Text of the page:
Weekly Trailer Round-up #1


School is winding down which is making me rethink how I want my blog to be. I know consistency is my big issue and my main goal to work on that. Writing does not come as naturally to me as it does for many others out there, so time is a factor. I’d like to do a weekly trailer post as well as a weekly commentary post sharing my thoughts on a piece of film news. My weekly screening posts will have musings as well.

Trailers are usually about prepackaging a film into a definitive set of criteria. For the most part, people want to know what to expect when they walk into a movie theater. Will they be scared? Thrilled? Laugh? Cry? Trailers boil down the expected emotions. Or they purposely misrepresent the film in efforts to gain more viewers. It goes without saying that trailers are a form of advertising. They are meant to sell the film. So while they always have to be taken with a grain of salt, they also are a great indicator on whether or not any given film will be ‘for you’.

30 Minutes of Less (B): The material looks little more than average, but the comedic pairing like Jesse Eisenberg and Aziz Ansari looks very promising. Eisenberg is one of the best young actors today and Ansari is one of my favorite stand-up comedians, so it would be a shame if this doesn’t pan out they way it theoretically should. Eisenberg’s character seems to have a lot more confidence than the types of characters we are used to seeing from him. It is not hard to see the slightly different air about him, making him, dare I say it, even more attractive? Yes…I believe I dare say it. In short, hopefully the film itself will match the potential of the cast and not depend too much on the line deliveries of the actors.

The Change-Up (C-): Another take on the ‘Freaky Friday’ concept, this time with two actors who seem incapable of portraying the other convincingly. At least, that’s the sense one gets from the trailer. Isn’t the entire point of a film like this to see all the fun ways the actors portray their characters post body-swapping? When Ryan Reynolds, a womanizing bachelor, and Jason Bateman, a domesticated family man, switch bodies it is nearly impossible to tell the difference. This may be because we do not stay with a scene long enough to get a sense of the performances, but uninteresting material aside, it looks like it’ll be hard to fully buy these performances.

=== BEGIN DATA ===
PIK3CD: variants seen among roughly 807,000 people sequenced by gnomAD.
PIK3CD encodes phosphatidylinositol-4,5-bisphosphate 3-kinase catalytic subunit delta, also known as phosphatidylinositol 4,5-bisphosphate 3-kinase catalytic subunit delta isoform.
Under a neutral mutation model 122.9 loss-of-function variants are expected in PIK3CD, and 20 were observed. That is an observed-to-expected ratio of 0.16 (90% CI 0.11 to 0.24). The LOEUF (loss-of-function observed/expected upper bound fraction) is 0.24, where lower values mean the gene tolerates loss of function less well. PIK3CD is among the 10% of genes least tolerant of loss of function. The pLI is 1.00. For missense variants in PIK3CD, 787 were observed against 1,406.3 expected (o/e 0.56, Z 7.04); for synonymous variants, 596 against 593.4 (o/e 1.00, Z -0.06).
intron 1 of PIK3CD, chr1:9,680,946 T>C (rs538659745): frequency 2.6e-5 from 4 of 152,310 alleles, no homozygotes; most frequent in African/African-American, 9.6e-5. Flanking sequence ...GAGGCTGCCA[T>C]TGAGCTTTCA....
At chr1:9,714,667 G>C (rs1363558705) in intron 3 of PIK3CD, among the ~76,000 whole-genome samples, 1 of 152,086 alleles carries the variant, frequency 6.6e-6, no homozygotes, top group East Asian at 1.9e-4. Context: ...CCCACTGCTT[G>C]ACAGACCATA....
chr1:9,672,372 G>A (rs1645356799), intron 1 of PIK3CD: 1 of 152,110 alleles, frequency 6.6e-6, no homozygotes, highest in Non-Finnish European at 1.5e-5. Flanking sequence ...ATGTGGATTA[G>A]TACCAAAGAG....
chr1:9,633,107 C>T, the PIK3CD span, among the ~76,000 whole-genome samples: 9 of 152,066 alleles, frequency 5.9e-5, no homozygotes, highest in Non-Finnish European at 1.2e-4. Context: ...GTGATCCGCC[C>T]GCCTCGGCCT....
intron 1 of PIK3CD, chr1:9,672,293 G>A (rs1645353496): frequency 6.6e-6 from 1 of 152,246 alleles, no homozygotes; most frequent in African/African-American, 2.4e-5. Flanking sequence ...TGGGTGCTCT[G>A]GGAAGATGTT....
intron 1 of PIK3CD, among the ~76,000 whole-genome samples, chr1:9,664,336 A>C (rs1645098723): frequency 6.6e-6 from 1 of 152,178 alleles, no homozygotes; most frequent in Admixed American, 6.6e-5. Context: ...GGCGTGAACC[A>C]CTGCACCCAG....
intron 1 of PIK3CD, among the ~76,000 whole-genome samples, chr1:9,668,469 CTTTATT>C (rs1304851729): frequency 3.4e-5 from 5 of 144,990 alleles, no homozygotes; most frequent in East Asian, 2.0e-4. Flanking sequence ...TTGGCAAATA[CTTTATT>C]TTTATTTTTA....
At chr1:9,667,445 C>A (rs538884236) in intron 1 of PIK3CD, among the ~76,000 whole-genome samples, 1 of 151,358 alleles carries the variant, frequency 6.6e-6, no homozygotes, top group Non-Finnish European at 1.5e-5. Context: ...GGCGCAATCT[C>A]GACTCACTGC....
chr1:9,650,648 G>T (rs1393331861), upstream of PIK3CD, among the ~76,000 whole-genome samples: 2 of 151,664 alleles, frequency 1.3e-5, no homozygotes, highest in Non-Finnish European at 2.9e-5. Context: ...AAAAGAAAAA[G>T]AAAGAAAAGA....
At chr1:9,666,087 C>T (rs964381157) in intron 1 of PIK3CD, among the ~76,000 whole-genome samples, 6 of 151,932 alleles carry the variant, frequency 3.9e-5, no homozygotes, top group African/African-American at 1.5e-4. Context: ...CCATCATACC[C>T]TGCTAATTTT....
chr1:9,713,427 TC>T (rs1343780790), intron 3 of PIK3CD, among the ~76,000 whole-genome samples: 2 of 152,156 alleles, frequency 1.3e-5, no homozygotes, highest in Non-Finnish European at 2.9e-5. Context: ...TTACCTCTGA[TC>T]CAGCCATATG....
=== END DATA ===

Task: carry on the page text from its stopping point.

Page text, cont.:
The Help (C+): I have been meaning to read The Help, but now I’m not so sure if I want to. This looks a lot more light-hearted than I thought it was supposed to be. Packaged into the epitome of a heartwarming crowd pleaser, nothing about this trailer feels real. I’ll read the book because it is absurd to not read a book because the trailer for the movie adaptation is disappoints, but the fact remains…this looks overcooked.

Submarine (A): I’ve been looking forward to this ever since hearing about it, and the trailer exceeded my expectations. Has a Rushmore vibe about it (one of my all-time favorites; as innovative in 2011 as it was in 1998), yet it looks like it has its own identity and does not feel forced or unoriginal.  The film looks quite beautiful to boot. Unfortunately, I’ll be missing this at IFFBoston next week, because I am opting for Green instead.

The High Cost of Living (D+): Everything we hear Zach Braff say in voiceover during the first third of this trailer sounds like dialogue that could have come directly from Garden State. Nothing about it looks worthwhile; a somber romantic drama laced with some half-hearted humor. The only question left hanging is whether or not the lead female will accept Braff for his actions. I don’t care to know the answer. The tagline, the music, all of it; no thanks.

Another Earth (B): The concept of Another Earth certainly has potential, and it looks like the outcome can go either way. Low budget indie sci-fi cannot help but recall last year’s Monsters, and that was a near disaster in execution.

Circumstance (A-): Try not to be captivated by this. My hope is that it can give legitimate insight on Iranian youth culture, and not just be a titillating tale of victimhood.

Terri (B-): This is certainly something I’ll see but outside what looks to be a great performance by Jacob Wysocki and the ever-reliable presence of John C. Reilly, nothing sticks out. There are so many trailers for these kinds of indie films, and it is unfortunate that they are always put together to convey the same exact tone and feel, despite the wide range of identities these films carry.

L’Amour Fou (B+): Biographical documentaries are an immediate hook. Plus, lots of stunning fashion. Plus, this kind of high-profile auction is something that fascinates me. Also; a few shots of Saint-Laurent remind me of Crispin Glover. Weird.

Brother’s Justice (D): This looks like a thoroughly pompous project. Nothing is funny in this trailer. Appearances by Ashton Kutcher and Tom Arnold are terrible selling points.

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